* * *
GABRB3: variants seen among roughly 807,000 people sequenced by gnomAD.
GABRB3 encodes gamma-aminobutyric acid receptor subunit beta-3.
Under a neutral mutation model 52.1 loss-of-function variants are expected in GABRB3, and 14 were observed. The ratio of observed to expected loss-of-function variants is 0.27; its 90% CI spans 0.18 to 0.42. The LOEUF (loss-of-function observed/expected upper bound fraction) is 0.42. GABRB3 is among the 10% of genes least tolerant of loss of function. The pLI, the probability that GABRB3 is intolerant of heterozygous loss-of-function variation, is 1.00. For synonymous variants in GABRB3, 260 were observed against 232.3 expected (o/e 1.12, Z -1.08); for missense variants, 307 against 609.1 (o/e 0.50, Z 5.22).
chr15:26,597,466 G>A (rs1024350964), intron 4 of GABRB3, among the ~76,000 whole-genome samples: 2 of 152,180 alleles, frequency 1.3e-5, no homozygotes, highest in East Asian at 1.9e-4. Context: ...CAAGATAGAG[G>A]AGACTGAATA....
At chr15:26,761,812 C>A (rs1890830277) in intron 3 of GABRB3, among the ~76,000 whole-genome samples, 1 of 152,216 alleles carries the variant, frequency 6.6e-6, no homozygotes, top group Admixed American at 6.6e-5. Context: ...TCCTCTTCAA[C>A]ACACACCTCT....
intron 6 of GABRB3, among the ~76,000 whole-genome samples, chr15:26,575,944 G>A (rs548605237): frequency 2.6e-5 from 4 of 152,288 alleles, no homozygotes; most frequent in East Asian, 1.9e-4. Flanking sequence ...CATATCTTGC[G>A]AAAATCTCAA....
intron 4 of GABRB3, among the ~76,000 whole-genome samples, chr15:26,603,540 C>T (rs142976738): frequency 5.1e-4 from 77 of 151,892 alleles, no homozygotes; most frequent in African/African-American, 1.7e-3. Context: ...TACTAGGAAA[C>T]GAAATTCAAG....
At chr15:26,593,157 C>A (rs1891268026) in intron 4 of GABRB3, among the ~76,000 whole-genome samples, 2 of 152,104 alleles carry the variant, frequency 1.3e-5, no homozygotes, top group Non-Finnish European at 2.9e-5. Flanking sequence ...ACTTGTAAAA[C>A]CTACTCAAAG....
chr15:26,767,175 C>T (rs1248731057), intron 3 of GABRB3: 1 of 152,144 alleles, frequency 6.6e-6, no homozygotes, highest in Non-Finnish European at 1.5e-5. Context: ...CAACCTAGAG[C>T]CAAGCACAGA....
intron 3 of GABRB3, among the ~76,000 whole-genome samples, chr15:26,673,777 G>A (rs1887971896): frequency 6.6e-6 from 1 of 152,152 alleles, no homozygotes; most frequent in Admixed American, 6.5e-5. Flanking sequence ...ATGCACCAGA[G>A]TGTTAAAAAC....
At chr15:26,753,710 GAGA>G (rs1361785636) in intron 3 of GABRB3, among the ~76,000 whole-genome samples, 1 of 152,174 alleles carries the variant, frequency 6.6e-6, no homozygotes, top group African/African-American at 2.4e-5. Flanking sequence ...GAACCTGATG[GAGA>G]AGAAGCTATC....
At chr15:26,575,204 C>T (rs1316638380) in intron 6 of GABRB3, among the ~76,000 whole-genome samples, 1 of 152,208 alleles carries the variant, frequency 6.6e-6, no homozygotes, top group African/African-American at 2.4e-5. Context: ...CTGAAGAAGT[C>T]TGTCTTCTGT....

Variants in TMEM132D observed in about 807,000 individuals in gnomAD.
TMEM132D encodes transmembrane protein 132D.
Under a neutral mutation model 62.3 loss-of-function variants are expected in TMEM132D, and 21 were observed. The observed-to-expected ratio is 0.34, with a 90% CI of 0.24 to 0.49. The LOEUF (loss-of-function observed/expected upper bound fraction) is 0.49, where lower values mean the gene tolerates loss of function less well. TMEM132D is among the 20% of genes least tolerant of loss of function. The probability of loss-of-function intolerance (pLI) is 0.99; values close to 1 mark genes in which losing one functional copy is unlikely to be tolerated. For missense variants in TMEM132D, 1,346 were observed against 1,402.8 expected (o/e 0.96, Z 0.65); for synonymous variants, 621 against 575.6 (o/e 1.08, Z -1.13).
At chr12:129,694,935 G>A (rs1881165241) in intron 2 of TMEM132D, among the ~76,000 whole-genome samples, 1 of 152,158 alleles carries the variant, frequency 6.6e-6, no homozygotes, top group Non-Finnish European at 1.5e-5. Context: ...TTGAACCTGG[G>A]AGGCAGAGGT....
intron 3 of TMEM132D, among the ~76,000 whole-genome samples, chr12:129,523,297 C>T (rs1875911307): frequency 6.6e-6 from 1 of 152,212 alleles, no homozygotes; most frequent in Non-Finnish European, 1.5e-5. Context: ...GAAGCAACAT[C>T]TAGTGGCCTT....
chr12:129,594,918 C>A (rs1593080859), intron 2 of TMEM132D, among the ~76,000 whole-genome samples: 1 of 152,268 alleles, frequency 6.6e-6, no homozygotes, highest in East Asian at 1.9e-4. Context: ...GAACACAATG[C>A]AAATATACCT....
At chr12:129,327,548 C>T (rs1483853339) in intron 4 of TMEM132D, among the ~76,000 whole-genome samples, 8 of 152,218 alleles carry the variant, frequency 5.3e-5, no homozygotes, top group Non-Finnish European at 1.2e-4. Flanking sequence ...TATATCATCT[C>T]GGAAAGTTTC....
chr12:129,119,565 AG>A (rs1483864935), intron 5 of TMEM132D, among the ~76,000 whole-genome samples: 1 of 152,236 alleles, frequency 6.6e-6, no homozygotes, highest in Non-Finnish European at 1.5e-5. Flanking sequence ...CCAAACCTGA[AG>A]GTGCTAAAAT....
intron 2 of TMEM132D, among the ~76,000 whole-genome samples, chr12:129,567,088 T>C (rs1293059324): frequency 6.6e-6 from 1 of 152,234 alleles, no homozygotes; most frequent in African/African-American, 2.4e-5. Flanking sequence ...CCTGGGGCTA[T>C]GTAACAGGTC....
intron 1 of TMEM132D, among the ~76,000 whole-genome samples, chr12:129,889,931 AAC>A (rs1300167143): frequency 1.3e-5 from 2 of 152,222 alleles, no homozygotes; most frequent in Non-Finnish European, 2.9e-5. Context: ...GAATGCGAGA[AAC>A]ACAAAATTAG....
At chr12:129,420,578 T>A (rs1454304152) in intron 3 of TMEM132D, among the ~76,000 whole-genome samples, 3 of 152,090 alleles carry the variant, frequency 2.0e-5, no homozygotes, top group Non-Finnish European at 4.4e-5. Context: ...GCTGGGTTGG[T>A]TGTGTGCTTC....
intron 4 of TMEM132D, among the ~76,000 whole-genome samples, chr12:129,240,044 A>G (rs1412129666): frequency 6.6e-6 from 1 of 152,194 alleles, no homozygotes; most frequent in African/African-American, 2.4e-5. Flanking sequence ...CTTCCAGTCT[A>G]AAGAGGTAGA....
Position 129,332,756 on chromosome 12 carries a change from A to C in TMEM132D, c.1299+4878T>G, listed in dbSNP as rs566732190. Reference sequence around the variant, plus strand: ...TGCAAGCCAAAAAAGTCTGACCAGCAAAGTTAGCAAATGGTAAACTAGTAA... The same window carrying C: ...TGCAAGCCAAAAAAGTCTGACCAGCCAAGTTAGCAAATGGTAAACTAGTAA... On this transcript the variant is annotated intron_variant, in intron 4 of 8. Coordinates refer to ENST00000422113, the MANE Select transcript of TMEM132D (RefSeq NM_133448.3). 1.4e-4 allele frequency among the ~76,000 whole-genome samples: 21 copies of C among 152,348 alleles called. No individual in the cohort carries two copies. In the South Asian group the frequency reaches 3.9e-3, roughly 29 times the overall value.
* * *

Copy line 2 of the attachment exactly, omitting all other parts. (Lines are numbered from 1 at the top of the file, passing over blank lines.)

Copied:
GABRB3 encodes gamma-aminobutyric acid receptor subunit beta-3.